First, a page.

Are You at Risk for Developing Chronic Kidney Disease (CKD)?
If you have chronic kidney disease (CKD) it means that your kidneys are not working at their full capacity. Usually when kidney disease is chronic, kidneys are slowly losing their ability to work effectively. Chronic kidney disease (CKD) is a growing health problem in the United States. Yet, many people do not realize they are at risk of developing this serious condition.
There are no warning signs in the early stages of CKD. You are at risk for this condition if you have diabetes and or high blood pressure. You are also at risk if a closes family member, such as a parent, grandparent or sibling, has either condition. CKD is more common in African-Americans, Asians, Hispanics and Native Americans.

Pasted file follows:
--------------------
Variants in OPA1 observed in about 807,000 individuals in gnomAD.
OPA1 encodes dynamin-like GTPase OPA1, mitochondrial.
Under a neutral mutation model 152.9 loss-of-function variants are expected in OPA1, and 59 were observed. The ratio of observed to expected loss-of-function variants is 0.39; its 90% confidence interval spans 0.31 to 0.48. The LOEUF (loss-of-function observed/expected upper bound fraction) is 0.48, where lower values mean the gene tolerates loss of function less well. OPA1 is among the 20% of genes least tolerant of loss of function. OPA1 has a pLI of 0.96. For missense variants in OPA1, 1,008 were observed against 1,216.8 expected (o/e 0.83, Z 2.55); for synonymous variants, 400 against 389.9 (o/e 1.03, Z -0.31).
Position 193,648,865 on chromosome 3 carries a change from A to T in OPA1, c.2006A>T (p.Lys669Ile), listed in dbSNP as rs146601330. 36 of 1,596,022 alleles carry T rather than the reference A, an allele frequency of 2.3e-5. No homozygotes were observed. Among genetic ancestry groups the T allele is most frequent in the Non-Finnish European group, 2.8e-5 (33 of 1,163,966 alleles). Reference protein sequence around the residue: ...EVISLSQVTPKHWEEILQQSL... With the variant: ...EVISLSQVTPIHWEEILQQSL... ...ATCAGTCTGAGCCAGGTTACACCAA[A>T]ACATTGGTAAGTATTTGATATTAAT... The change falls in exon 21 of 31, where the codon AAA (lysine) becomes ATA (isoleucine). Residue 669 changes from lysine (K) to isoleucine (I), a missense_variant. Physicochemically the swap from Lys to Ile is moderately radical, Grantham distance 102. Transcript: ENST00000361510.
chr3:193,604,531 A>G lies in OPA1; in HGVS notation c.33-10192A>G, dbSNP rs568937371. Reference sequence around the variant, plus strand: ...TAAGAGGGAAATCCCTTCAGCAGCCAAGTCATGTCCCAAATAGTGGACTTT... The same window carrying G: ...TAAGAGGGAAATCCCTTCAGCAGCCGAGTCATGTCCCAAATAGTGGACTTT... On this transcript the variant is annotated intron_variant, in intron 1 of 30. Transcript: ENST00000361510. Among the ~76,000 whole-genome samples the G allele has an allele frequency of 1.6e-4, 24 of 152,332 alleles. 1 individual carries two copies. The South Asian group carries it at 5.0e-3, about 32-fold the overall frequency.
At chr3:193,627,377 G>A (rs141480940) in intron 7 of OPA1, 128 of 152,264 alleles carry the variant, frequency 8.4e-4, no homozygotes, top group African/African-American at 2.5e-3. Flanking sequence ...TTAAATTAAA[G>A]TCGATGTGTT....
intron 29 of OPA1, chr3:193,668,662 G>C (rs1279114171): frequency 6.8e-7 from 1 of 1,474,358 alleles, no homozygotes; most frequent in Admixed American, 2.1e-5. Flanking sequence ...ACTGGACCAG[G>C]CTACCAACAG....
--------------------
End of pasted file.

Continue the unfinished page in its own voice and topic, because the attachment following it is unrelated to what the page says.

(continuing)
Be proactive in preventing or managing CKD:
CKD is a condition that must be managed closely by you and your physician. You can prevent or slow down the progression of CKD by making simple lifestyle changes and following your physician's treatment plan Recommendations include:
- Get regular check-ups with your physician
- Control your diabetes and or high blood pressure
- If you are a smoker, quit smoking
- Take medications as prescribed
- Eat healthy, well-balanced meals
- Exercise regularly